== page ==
How to Make a Stained Glass Butterfly
How to Make a Stained Glass Butterfly
If you're new to the world of stained glass or wonder how a stained glass suncatcher is made, read below to learn how to easily make one yourself!
What You'll Need
- One or two pieces of glass, depending on the colors you want for the butterfly
- Copper foil
- Neutralizer orKwik-Clean Flux and Patina cleaner
- Steel Wool
- Fishing wire
- Glass cutter
- Breaker/Grozer Pliers
- Running pliers
- Glass grinder
- Soldering iron
- Colored Sharpie or marker
- Popsicle stick or tongue depressor
- Wire cutters
- Small paintbrush
1. Start With the Pattern
You will want to have two copies of your pattern.
- The first pattern is for cutting out each pattern piece. You will be laying these pieces on the glass to trace around.
- The second pattern is for laying on your cut pieces of glass to make sure that they're the correct size. This will be helpful when you use the glass grinder.
2. Score the Glass
The video below shows you the proper way to score glass. The instructor didn't trace the pattern onto the glass but instead taped the pattern pieces onto the glass.
You will want to score the glass on the outer edges of your traced marker lines. This will make it easier when you take your piece to grind it. You will be able to see exactly how much glass needs to be ground off.
3. Trace the Pattern
Place all four pattern pieces onto the glass in the direction you'd like the butterfly to appear. With a marker trace around each piece. You will want to leave enough room around each piece so that you can easily cut the glass.
- Some people find it helpful to tape the pattern pieces to the glass, but this is not necessary so long as you can hold the piece of paper still while tracing.
- When working on larger patterns with many different pieces, it is helpful to either number or name them.
Next, score and break apart each piece to make it easier to cut each individual shape. With your cutter, score up the center of the large piece of glass, then across the center again. Do this once more so that you end up with four pieces ready to cut out the shapes.
- To break the pieces, you will need to use your running pliers.
4. Grind the Glass
If the cut glass is exactly the shape of the pattern piece and has smooth edges, there's no reason to grind it down.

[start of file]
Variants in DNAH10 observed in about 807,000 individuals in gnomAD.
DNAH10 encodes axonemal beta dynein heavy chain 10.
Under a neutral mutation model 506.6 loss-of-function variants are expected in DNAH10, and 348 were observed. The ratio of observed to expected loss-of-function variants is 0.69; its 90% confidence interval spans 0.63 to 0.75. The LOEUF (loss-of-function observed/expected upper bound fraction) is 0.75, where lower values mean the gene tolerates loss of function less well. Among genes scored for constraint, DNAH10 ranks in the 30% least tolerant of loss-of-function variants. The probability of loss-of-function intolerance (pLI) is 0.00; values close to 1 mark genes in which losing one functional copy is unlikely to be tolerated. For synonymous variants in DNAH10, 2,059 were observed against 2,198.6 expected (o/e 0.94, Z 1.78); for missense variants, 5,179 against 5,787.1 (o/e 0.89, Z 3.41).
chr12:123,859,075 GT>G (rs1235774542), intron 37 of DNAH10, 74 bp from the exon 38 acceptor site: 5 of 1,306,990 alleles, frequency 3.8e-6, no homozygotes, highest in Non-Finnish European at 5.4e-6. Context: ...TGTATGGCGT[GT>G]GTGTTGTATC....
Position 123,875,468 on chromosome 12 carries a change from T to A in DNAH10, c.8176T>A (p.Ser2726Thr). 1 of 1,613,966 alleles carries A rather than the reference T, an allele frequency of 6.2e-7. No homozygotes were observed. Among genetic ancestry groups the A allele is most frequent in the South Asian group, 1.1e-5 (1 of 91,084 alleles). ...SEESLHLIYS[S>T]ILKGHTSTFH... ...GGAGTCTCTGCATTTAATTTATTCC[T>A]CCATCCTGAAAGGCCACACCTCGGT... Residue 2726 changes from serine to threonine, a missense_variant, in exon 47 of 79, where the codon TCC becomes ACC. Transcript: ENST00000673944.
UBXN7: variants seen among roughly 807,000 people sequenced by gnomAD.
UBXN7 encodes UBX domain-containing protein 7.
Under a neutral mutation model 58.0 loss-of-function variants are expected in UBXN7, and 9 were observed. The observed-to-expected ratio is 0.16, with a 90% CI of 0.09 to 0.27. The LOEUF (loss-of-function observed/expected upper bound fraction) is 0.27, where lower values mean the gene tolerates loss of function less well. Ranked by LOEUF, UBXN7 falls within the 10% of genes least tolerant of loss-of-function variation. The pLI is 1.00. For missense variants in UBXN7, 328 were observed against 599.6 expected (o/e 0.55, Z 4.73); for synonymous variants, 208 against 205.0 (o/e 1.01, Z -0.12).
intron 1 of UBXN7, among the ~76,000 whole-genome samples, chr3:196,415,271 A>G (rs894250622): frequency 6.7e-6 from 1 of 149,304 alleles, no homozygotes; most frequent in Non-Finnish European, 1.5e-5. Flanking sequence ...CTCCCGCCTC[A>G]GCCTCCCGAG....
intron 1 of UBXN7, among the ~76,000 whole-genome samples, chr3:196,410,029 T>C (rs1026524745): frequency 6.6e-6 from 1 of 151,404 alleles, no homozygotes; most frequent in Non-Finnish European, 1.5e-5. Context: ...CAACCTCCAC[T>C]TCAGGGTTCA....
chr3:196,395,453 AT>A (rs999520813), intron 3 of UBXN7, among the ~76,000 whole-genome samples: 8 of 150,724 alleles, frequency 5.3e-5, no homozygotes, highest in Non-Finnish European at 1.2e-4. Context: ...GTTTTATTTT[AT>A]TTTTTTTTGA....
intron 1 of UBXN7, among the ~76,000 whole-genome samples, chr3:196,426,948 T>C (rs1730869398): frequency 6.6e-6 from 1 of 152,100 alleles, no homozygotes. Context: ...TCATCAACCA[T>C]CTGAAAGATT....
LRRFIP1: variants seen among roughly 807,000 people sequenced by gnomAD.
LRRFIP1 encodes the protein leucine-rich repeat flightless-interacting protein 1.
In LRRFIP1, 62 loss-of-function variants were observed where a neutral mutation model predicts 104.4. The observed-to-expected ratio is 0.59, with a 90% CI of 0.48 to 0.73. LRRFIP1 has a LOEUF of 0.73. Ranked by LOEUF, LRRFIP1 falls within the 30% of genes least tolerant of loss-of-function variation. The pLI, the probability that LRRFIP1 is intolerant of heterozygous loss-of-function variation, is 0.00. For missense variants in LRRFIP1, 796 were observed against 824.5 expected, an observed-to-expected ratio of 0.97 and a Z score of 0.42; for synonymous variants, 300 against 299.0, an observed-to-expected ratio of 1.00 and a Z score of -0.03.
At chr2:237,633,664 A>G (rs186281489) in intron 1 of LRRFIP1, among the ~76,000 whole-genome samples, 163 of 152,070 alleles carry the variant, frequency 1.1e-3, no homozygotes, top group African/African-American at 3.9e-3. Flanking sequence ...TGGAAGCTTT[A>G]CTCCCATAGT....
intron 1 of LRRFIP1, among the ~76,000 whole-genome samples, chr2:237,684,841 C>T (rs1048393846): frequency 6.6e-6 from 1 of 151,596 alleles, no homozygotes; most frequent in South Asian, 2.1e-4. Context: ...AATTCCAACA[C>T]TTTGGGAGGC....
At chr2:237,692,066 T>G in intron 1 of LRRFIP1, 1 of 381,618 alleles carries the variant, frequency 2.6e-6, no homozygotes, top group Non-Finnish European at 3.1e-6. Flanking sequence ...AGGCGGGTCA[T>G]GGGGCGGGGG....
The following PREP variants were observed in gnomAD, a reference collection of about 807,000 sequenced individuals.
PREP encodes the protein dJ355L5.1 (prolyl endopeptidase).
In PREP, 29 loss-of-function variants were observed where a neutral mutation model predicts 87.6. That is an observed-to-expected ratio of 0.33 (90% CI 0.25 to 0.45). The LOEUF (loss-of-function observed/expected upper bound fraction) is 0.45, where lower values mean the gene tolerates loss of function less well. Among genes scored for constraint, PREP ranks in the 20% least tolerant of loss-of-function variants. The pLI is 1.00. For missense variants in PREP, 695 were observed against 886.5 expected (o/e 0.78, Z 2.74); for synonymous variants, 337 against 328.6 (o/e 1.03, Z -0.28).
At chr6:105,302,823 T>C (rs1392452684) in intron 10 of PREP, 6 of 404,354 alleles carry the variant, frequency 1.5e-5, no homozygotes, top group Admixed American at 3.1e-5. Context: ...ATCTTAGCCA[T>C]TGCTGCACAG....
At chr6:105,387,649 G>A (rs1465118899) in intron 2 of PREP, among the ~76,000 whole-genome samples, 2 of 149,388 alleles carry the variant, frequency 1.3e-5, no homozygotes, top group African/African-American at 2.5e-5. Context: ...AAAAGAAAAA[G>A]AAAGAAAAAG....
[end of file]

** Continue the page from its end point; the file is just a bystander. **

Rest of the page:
- When using a grinder, you should always wear safety glasses or have a grinder shield attached to the grinder. Glass dust flies around, and you always want to protect your eyes.
Hold the piece of glass with your thumbs and forefingers tightly enough so that the piece does not fly when touched to the grinder wheel. Follow along with the maker lines. You may have to check the piece several times to get it exactly the shape that you want.
5. Add Copper Foil
Before you start to foil, it is important that you wash the glass pieces in hot soapy water to make sure that they are clean and free of dust. This will make the foil stick easier.
Copper foil has a shiny side and a sticky side. From the roll, peel back about 1/2" an inch of the paper. Apply evenly starting in the center of one side of the glass going around the entire edge of the piece until it meets up with the starting point.
Tear the copper foil. With a tongue depressor or Popsicle stick press the copper foil down onto the glass making it as smooth and as even as possible.
6. Solder the Pieces
Because we are making a butterfly and want it to look as if it is flying and not a flat piece, we need to prop it up at a bit of an angle while soldering it. This can be done with scrap pieces of glass or piled up Popsicle sticks. Plug in your soldering iron making sure that it is on its stand.
- To start, you will need to use a small paintbrush and apply flux to the copper foil. The flux is what adheres the lead to the copper foil.
- Once your iron is hot, hold the iron against the lead and apply the lead to the copper foil, to all seams. The front and back of the butterfly will need to be soldered. This can be a bit tricky and seem difficult at first, but the more pieces you solder the more proficient you will become.
- When all of your pieces are soldered together, apply flux to all the copper foil that is left on the edges of the butterfly. With a small touch of lead, (simply touch the iron to the lead) paint the lead with the iron onto the copper foil so that all the copper foil is covered in lead.
7. Wire the Antennas
Measure out a piece of wire double the length you want the antennas. Then, snip it and fold it in half. Rub the wire with steel wool, and then apply flux to it. On the back of the butterfly, lay the wire across the long seam and apply lead with the soldering iron.
8. Apply Patina and Do a Final Clean
If you want the solder to be black, you now need to apply patina to the solder. To do this, wear gloves because the patina will stain your skin. Apply a small amount of patina to a sponge and rub it over the solder. If wanting to leave the lead a silver color, all you will need to do is spray the butterfly and antennas with Kwick-Clean and rub it with a clean sponge. Rinse it with lukewarm water and dry. If you've applied patina, you will still need to do the Kwick-Clean step.
Once your piece is complete, tie fishing wire around the antennas. This will allow you to hang the butterfly. You're done!
© 2012 Susan Zutautas